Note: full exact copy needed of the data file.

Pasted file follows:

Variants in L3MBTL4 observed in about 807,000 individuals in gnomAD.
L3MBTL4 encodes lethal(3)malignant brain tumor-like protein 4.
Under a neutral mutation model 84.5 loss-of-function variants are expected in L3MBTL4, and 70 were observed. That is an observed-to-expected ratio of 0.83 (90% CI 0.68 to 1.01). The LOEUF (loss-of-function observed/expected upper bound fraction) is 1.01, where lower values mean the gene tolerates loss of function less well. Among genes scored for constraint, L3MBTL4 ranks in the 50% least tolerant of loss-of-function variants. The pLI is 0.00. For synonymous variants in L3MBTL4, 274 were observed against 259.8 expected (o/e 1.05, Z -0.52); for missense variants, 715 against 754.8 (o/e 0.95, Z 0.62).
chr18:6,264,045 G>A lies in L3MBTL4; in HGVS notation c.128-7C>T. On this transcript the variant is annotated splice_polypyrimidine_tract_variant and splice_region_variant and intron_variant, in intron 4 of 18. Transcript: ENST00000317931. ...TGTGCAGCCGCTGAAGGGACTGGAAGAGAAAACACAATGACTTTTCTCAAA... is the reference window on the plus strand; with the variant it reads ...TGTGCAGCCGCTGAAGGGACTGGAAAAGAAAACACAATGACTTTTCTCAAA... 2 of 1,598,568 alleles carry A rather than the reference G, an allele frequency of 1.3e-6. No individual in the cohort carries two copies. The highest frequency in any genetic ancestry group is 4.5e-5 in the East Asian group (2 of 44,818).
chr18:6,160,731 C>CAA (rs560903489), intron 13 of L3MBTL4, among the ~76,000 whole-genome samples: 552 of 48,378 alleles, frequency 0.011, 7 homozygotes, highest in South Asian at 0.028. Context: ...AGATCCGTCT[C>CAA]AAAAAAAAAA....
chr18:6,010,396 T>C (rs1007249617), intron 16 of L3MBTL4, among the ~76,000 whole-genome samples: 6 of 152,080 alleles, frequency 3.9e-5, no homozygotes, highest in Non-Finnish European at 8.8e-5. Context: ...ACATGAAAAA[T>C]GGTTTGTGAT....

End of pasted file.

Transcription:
Variants in L3MBTL4 observed in about 807,000 individuals in gnomAD.
L3MBTL4 encodes lethal(3)malignant brain tumor-like protein 4.
Under a neutral mutation model 84.5 loss-of-function variants are expected in L3MBTL4, and 70 were observed. That is an observed-to-expected ratio of 0.83 (90% CI 0.68 to 1.01). The LOEUF (loss-of-function observed/expected upper bound fraction) is 1.01, where lower values mean the gene tolerates loss of function less well. Among genes scored for constraint, L3MBTL4 ranks in the 50% least tolerant of loss-of-function variants. The pLI is 0.00. For synonymous variants in L3MBTL4, 274 were observed against 259.8 expected (o/e 1.05, Z -0.52); for missense variants, 715 against 754.8 (o/e 0.95, Z 0.62).
chr18:6,264,045 G>A lies in L3MBTL4; in HGVS notation c.128-7C>T. On this transcript the variant is annotated splice_polypyrimidine_tract_variant and splice_region_variant and intron_variant, in intron 4 of 18. Transcript: ENST00000317931. ...TGTGCAGCCGCTGAAGGGACTGGAAGAGAAAACACAATGACTTTTCTCAAA... is the reference window on the plus strand; with the variant it reads ...TGTGCAGCCGCTGAAGGGACTGGAAAAGAAAACACAATGACTTTTCTCAAA... 2 of 1,598,568 alleles carry A rather than the reference G, an allele frequency of 1.3e-6. No individual in the cohort carries two copies. The highest frequency in any genetic ancestry group is 4.5e-5 in the East Asian group (2 of 44,818).
chr18:6,160,731 C>CAA (rs560903489), intron 13 of L3MBTL4, among the ~76,000 whole-genome samples: 552 of 48,378 alleles, frequency 0.011, 7 homozygotes, highest in South Asian at 0.028. Context: ...AGATCCGTCT[C>CAA]AAAAAAAAAA....
chr18:6,010,396 T>C (rs1007249617), intron 16 of L3MBTL4, among the ~76,000 whole-genome samples: 6 of 152,080 alleles, frequency 3.9e-5, no homozygotes, highest in Non-Finnish European at 8.8e-5. Context: ...ACATGAAAAA[T>C]GGTTTGTGAT....